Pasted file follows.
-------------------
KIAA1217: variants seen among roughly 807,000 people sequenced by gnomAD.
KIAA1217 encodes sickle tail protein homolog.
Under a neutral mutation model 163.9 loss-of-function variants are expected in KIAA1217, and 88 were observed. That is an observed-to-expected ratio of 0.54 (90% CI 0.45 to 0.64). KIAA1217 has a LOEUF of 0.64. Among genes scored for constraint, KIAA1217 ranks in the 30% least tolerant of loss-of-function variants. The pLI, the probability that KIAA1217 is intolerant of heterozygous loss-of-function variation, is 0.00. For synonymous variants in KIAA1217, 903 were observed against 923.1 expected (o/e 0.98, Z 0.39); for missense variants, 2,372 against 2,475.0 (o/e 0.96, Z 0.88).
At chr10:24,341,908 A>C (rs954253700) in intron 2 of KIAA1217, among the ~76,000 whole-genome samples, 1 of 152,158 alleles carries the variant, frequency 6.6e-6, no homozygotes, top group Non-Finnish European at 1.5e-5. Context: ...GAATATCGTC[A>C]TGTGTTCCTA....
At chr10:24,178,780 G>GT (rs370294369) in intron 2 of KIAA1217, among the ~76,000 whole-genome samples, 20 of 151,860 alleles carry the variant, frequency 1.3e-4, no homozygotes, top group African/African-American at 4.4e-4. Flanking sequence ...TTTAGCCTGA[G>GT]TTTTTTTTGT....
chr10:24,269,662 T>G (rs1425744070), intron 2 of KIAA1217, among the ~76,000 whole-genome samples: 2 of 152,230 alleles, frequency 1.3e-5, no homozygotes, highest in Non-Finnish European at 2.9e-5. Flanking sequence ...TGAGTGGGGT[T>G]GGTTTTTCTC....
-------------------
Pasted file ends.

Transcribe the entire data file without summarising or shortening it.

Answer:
KIAA1217: variants seen among roughly 807,000 people sequenced by gnomAD.
KIAA1217 encodes sickle tail protein homolog.
Under a neutral mutation model 163.9 loss-of-function variants are expected in KIAA1217, and 88 were observed. That is an observed-to-expected ratio of 0.54 (90% CI 0.45 to 0.64). KIAA1217 has a LOEUF of 0.64. Among genes scored for constraint, KIAA1217 ranks in the 30% least tolerant of loss-of-function variants. The pLI, the probability that KIAA1217 is intolerant of heterozygous loss-of-function variation, is 0.00. For synonymous variants in KIAA1217, 903 were observed against 923.1 expected (o/e 0.98, Z 0.39); for missense variants, 2,372 against 2,475.0 (o/e 0.96, Z 0.88).
At chr10:24,341,908 A>C (rs954253700) in intron 2 of KIAA1217, among the ~76,000 whole-genome samples, 1 of 152,158 alleles carries the variant, frequency 6.6e-6, no homozygotes, top group Non-Finnish European at 1.5e-5. Context: ...GAATATCGTC[A>C]TGTGTTCCTA....
At chr10:24,178,780 G>GT (rs370294369) in intron 2 of KIAA1217, among the ~76,000 whole-genome samples, 20 of 151,860 alleles carry the variant, frequency 1.3e-4, no homozygotes, top group African/African-American at 4.4e-4. Flanking sequence ...TTTAGCCTGA[G>GT]TTTTTTTTGT....
chr10:24,269,662 T>G (rs1425744070), intron 2 of KIAA1217, among the ~76,000 whole-genome samples: 2 of 152,230 alleles, frequency 1.3e-5, no homozygotes, highest in Non-Finnish European at 2.9e-5. Flanking sequence ...TGAGTGGGGT[T>G]GGTTTTTCTC....